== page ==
A new study shows that middle schoolers are exposed to an average of two to four alcohol advertisements on a daily basis. The findings are concerning as research has shown that alcohol ads may encourage underage drinking.
“The evidence is strong that kids are at greater risk if they’re exposed to alcohol advertising,” says study leader Rebecca L. Collins, Ph.D., a researcher with the RAND Corporation.
She cautions parents to “be aware” that kids are surrounded by alcohol marketing. And they do notice it, she adds.
“Just know that kids’ decisions to drink don’t suddenly come up in college. Young kids are being exposed to alcohol ads all the time, and that can influence them,” she says.
The study involved 589 students, ages 11 to 14, living in and around Los Angeles. For over two weeks, the children used handheld devices to record their encounters with alcohol ads. Overall, the study found that kids saw about three alcohol ads per day. Outdoor billboards and signs were the most common source, accounting for 38 percent of all ads, followed by television at 26 percent.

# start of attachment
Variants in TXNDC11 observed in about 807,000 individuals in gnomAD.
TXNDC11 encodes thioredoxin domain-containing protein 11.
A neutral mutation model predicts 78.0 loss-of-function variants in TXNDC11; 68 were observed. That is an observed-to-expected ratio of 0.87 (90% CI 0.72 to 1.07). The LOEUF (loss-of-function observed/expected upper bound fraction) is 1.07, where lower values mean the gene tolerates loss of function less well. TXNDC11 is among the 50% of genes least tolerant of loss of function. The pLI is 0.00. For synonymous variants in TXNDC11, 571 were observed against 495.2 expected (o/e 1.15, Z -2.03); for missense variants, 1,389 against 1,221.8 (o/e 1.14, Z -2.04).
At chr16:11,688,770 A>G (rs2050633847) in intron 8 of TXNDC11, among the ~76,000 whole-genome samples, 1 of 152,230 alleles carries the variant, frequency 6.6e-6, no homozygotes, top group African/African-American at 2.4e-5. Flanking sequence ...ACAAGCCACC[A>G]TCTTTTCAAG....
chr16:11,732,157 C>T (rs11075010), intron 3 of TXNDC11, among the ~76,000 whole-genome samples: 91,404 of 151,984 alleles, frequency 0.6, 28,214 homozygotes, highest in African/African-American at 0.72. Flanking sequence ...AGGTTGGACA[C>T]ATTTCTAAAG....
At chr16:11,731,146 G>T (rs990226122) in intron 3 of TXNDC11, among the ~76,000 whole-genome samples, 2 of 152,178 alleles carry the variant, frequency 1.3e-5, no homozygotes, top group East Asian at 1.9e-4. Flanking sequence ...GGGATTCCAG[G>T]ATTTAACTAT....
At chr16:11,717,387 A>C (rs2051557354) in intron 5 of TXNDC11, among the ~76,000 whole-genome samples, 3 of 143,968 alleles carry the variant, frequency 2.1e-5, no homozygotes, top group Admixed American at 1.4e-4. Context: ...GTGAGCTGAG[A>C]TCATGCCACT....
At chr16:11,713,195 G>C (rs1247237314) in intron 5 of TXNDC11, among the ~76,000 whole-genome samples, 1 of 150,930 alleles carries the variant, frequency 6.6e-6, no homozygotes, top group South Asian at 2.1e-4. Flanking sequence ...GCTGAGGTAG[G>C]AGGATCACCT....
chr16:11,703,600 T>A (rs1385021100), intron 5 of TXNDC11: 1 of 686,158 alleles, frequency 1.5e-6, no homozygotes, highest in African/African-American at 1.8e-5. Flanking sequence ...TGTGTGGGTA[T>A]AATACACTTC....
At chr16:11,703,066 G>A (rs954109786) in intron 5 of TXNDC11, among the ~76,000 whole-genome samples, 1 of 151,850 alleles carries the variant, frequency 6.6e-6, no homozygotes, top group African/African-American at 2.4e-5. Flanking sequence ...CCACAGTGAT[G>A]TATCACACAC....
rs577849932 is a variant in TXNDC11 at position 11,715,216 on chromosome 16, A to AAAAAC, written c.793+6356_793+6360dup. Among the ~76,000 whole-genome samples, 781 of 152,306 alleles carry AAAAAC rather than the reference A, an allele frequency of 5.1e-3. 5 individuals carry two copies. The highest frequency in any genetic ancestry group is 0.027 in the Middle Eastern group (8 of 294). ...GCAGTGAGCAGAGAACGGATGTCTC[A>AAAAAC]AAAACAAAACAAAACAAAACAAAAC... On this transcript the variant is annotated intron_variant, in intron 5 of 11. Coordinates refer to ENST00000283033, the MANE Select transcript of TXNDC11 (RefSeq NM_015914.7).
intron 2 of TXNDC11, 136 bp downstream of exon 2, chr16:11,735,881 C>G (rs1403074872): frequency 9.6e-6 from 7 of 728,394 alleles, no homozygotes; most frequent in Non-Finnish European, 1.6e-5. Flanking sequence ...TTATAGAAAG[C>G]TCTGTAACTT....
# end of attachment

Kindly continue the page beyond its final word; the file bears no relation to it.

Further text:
The study suggests that policymakers should pay more attention to outdoor alcohol advertising — which, Collins noted, is under the control of local communities.
Alcohol manufacturers are essentially self-regulated when it comes to advertising. Industry guidelines state that alcohol ads should be limited to media with a mostly adult audience. The guidelines also discourage placing ads near schools, playgrounds, and churches, Collins pointed out.
Still, the findings show that seeing alcohol ads are a daily occurrence for middle school students. This is particularly true for Hispanic and African-American children, who see an average of three and four ads per day, respectively. White children tend to see fewer alcohol ads — an average of two per day.
“It’s pretty disturbing that African-American kids saw twice as many ads,” said Collins.
Collins also pointed out another surprising finding: Girls saw 30 percent more ads than boys did — a difference that has not been documented in previous research.
This could mean a few things, notes Collins. Alcohol advertisers have been branching out to target other TV programs other than their traditional focus of sports, and this could be resulting in more girls seeing the ads. Or it may be that girls are watching more sports programs compared to years past. Or more girls may be seeing these ads in print, as girls tend to read more magazines than boys do.
The findings are published in the Journal of Studies on Alcohol and Drugs.